In contemplating trying for a baby sometime soon I have been thinking about food allergies and intolerances. What got me thinking initially was the evidence from my own diet - and anecdotes from fellow Paleohackers - about how progressively ill we feel when we either purposely or accidently eat something from the realm of SAD. I would really love to raise a child with a Paleo food ethic but there are some concerns.
I started to worry about serious intolerences and allergies - for example although I choose not to eat gluten and peanuts if i do accidently eat either of these foods I might feel ill or off (or have no reaction at all) but there is no medically serious effects (long term effects aside - we won't discuss these here). As in my life doesn't depend on my avoiding these foods at all costs.
So my theory was whether it would actually be better to introduce some SAD foods into a young childs diet (such as gluten and peanuts) so that their body builds up a tolerance to them. My point being that I would rather have my child eat a little of these foods as opposed to having to live in fear about whether the child will accidently eat a peanut one day and have a life-threating reaction. Similarly, children are children and they will eat non-paleo at some point in their young lives (at friends houses etc) and wouldn't it be preferable to not have to worry about the child having a seriously adverse reaction to foods?
I recently heard a scientist discussing something along these lines on the radio recently - that allowing children access to these common-allergy creating foods from a young age actually allows them to build up a tolerance and minimises the risk of allergies. I can't find a link to it sorry (it was on Australian radio).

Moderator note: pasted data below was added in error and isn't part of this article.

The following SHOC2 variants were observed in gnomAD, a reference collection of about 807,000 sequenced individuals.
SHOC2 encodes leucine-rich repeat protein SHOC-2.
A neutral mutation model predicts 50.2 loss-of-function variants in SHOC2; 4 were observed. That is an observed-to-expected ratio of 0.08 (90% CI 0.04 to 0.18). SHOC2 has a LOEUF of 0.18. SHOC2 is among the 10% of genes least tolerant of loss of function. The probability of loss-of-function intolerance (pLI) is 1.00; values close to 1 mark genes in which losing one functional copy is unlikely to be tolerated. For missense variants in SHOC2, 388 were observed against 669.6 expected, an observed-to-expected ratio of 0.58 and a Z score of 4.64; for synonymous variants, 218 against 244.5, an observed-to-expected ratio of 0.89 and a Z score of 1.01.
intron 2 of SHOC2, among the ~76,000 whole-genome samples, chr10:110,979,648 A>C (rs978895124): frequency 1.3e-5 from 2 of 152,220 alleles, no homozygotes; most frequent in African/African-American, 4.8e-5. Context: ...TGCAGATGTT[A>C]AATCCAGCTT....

What are your opinions on this? I'd be interested in Dragonfly's take as well.
asked byMayaBee (1311)
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on March 27, 2012
at 01:45 AM
This has been discussed before, see here: http://paleohacks.com/questions/72007/will-shielding-my-child-from-allergenic-foods-make-him-more-allergenic#axzz1qHGjSF5W
My personal emphasis would be on protecting my child's gut health at all costs. (See my post on this question.)
This would mean optimizing my own gut health prior to conception and avoiding any of my known allergens/gut irritants during pregnancy. I would also avoid any antibiotics during pregnancy & birth (if possible), eat lots of fermented foods, bone broth, and organ meats during my pregnancy.
I would have a home birth (probably not a water birth) and make sure the first person to touch my baby is me or my partner. No baby hat at birth, so I could kiss baby & keep inoculating him/her with my bacteria. Exclusive breastfeeding to 6-9 months, depending on baby's needs.
I would delay any necessary vaccinations until baby's immune system was stronger (1+ year.) Nine months would be the earliest I would introduce any potential food allergens and then I would do it one at a time and in very small amounts to see if there was any reaction. Nine months is when most digestive acids & enzymes come on board.
If the baby has been inoculated with your good gut bacteria & allowed to develop his/her immune system without being exposed too early, then I imagine that gluten and other "allergens" won't be a problem.
Every child is different, so YMMV!
on March 27, 2012
at 02:35 AM